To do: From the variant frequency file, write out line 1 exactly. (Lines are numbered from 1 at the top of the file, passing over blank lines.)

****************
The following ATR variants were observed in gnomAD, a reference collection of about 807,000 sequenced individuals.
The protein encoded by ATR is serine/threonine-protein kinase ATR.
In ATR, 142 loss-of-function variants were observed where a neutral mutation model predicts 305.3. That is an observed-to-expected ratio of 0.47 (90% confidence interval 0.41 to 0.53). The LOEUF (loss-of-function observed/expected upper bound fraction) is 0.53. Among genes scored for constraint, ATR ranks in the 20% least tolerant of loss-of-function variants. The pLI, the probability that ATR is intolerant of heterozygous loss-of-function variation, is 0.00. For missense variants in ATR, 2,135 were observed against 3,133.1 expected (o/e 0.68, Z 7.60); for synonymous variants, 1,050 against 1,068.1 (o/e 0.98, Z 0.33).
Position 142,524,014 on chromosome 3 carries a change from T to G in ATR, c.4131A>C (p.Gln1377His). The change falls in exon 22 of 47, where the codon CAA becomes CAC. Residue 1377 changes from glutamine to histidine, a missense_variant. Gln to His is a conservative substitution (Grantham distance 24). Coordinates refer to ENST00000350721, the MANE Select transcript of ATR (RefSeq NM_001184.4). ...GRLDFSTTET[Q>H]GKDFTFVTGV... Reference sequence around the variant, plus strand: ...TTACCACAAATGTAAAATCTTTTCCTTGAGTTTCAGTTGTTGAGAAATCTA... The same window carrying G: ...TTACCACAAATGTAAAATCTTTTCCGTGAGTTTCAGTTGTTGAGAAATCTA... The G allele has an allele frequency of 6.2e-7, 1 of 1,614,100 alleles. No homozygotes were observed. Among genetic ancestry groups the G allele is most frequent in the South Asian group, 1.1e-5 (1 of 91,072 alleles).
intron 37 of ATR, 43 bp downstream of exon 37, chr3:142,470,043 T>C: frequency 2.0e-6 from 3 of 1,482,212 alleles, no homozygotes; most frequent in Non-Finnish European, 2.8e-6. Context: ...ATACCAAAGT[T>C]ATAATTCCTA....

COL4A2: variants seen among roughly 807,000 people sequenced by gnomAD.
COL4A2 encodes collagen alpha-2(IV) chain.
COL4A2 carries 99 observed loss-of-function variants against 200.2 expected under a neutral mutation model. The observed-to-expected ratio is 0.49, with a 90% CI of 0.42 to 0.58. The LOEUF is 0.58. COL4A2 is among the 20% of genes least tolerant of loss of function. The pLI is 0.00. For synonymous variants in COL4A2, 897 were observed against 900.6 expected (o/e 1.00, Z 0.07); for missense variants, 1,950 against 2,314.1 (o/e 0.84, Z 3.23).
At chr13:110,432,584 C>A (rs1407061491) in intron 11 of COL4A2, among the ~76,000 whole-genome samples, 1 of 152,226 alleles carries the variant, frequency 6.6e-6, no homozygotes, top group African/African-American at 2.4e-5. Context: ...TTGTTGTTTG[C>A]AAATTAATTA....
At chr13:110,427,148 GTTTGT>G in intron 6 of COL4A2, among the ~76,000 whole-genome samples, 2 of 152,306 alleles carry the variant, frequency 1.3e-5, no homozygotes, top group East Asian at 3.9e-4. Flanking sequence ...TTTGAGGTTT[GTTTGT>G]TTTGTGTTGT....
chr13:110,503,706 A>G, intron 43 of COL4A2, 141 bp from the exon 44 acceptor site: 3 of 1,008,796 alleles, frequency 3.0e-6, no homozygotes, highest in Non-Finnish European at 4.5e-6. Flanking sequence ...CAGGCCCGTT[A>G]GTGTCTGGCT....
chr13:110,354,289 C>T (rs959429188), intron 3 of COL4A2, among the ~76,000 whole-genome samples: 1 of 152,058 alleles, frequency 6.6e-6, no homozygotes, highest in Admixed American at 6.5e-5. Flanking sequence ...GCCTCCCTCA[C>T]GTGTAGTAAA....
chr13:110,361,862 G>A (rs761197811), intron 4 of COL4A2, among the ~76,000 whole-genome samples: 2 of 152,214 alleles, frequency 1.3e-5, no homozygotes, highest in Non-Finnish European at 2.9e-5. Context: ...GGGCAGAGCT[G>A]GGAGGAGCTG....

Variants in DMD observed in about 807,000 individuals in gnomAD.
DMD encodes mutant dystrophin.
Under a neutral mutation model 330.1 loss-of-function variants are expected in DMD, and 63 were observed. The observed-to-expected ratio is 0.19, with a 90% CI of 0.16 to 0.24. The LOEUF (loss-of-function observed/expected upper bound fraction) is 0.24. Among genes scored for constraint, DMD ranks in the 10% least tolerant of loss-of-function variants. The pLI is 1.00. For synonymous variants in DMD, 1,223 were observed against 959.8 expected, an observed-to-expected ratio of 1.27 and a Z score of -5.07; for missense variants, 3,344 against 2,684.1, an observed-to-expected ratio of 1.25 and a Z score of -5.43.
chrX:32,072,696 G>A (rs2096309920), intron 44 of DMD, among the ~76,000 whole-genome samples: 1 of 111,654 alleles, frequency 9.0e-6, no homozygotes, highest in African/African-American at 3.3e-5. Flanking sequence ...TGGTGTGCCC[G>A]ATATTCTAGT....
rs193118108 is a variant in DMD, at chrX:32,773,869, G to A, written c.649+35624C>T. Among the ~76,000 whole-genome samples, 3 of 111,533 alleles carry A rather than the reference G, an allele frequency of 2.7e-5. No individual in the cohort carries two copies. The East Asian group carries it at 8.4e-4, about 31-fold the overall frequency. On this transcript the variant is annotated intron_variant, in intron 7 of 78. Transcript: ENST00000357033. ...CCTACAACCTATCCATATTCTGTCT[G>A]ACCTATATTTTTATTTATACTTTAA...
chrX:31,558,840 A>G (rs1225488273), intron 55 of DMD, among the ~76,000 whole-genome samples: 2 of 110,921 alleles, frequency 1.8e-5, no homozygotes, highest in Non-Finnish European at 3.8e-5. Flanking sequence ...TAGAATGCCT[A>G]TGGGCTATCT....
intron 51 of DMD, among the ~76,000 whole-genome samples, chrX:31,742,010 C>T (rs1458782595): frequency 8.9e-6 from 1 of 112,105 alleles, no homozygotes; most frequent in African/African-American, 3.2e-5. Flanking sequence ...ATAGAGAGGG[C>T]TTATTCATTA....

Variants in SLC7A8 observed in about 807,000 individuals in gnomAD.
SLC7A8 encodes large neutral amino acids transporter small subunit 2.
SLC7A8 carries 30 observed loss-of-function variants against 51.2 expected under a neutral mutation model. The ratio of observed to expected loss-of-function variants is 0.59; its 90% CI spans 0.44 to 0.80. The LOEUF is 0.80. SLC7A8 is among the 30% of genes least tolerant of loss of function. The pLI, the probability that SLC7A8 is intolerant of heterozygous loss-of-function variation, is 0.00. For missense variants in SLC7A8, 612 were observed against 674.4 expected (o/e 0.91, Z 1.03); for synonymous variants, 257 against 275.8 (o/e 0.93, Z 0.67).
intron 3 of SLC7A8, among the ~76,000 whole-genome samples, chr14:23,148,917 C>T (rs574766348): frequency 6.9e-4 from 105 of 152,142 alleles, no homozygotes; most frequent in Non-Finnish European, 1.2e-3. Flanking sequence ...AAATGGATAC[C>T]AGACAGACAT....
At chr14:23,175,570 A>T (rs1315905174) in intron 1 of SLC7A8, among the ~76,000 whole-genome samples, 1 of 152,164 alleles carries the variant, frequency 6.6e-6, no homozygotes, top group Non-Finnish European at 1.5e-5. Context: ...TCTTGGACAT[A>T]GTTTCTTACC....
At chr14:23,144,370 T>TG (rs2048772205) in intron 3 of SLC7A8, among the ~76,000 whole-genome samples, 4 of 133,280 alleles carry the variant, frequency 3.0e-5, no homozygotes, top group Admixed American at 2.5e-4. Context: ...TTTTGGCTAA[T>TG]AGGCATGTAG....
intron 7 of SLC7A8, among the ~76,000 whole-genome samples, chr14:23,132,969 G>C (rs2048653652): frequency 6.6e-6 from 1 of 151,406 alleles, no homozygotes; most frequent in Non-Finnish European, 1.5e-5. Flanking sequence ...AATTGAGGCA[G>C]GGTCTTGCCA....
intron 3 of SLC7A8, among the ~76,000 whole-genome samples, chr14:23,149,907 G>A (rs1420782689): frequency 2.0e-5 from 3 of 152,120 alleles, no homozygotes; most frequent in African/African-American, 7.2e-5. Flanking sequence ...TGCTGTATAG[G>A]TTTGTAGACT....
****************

The following ATR variants were observed in gnomAD, a reference collection of about 807,000 sequenced individuals.